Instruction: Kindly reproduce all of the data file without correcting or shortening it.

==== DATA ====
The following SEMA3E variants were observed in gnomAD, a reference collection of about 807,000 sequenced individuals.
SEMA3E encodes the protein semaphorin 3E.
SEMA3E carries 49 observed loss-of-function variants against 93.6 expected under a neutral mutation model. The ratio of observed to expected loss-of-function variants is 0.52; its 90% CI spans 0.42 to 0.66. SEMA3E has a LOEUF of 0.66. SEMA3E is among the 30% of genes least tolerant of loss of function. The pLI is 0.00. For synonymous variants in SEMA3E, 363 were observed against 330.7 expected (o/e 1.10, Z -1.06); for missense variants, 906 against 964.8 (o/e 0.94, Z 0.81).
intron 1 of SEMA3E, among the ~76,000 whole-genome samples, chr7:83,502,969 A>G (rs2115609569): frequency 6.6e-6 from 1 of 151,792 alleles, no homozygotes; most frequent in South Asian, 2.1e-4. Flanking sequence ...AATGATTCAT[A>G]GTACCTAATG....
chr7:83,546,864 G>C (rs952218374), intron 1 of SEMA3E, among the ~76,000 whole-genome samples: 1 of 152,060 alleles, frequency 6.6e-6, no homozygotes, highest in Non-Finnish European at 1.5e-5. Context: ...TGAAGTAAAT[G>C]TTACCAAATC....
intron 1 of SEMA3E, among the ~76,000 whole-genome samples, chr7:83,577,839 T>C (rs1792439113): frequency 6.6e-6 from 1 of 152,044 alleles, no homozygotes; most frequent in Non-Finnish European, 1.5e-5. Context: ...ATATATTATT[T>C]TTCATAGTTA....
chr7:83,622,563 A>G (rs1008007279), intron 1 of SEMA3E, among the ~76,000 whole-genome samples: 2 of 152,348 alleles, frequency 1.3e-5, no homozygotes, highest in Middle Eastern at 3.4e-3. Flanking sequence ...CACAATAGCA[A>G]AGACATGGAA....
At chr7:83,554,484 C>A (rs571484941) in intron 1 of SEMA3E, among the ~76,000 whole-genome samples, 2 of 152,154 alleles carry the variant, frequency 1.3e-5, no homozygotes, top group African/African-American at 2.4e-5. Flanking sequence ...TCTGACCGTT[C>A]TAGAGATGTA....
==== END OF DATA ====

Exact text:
The following SEMA3E variants were observed in gnomAD, a reference collection of about 807,000 sequenced individuals.
SEMA3E encodes the protein semaphorin 3E.
SEMA3E carries 49 observed loss-of-function variants against 93.6 expected under a neutral mutation model. The ratio of observed to expected loss-of-function variants is 0.52; its 90% CI spans 0.42 to 0.66. SEMA3E has a LOEUF of 0.66. SEMA3E is among the 30% of genes least tolerant of loss of function. The pLI is 0.00. For synonymous variants in SEMA3E, 363 were observed against 330.7 expected (o/e 1.10, Z -1.06); for missense variants, 906 against 964.8 (o/e 0.94, Z 0.81).
intron 1 of SEMA3E, among the ~76,000 whole-genome samples, chr7:83,502,969 A>G (rs2115609569): frequency 6.6e-6 from 1 of 151,792 alleles, no homozygotes; most frequent in South Asian, 2.1e-4. Flanking sequence ...AATGATTCAT[A>G]GTACCTAATG....
chr7:83,546,864 G>C (rs952218374), intron 1 of SEMA3E, among the ~76,000 whole-genome samples: 1 of 152,060 alleles, frequency 6.6e-6, no homozygotes, highest in Non-Finnish European at 1.5e-5. Context: ...TGAAGTAAAT[G>C]TTACCAAATC....
intron 1 of SEMA3E, among the ~76,000 whole-genome samples, chr7:83,577,839 T>C (rs1792439113): frequency 6.6e-6 from 1 of 152,044 alleles, no homozygotes; most frequent in Non-Finnish European, 1.5e-5. Context: ...ATATATTATT[T>C]TTCATAGTTA....
chr7:83,622,563 A>G (rs1008007279), intron 1 of SEMA3E, among the ~76,000 whole-genome samples: 2 of 152,348 alleles, frequency 1.3e-5, no homozygotes, highest in Middle Eastern at 3.4e-3. Flanking sequence ...CACAATAGCA[A>G]AGACATGGAA....
At chr7:83,554,484 C>A (rs571484941) in intron 1 of SEMA3E, among the ~76,000 whole-genome samples, 2 of 152,154 alleles carry the variant, frequency 1.3e-5, no homozygotes, top group African/African-American at 2.4e-5. Flanking sequence ...TCTGACCGTT[C>A]TAGAGATGTA....